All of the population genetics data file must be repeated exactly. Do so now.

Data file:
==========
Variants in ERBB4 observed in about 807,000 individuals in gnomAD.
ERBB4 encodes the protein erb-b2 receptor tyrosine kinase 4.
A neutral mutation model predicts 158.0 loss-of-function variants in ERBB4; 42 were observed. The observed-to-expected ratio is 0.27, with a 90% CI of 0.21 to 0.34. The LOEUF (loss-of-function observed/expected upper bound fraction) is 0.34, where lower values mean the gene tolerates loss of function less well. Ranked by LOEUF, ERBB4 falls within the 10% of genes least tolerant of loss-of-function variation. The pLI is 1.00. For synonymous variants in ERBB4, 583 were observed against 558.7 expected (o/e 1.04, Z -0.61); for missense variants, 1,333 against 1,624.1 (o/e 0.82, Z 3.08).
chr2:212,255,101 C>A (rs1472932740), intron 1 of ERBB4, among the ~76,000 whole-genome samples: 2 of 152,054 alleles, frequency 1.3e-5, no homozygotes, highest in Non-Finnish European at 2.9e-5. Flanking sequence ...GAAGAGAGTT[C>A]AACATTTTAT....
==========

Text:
Variants in ERBB4 observed in about 807,000 individuals in gnomAD.
ERBB4 encodes the protein erb-b2 receptor tyrosine kinase 4.
A neutral mutation model predicts 158.0 loss-of-function variants in ERBB4; 42 were observed. The observed-to-expected ratio is 0.27, with a 90% CI of 0.21 to 0.34. The LOEUF (loss-of-function observed/expected upper bound fraction) is 0.34, where lower values mean the gene tolerates loss of function less well. Ranked by LOEUF, ERBB4 falls within the 10% of genes least tolerant of loss-of-function variation. The pLI is 1.00. For synonymous variants in ERBB4, 583 were observed against 558.7 expected (o/e 1.04, Z -0.61); for missense variants, 1,333 against 1,624.1 (o/e 0.82, Z 3.08).
chr2:212,255,101 C>A (rs1472932740), intron 1 of ERBB4, among the ~76,000 whole-genome samples: 2 of 152,054 alleles, frequency 1.3e-5, no homozygotes, highest in Non-Finnish European at 2.9e-5. Flanking sequence ...GAAGAGAGTT[C>A]AACATTTTAT....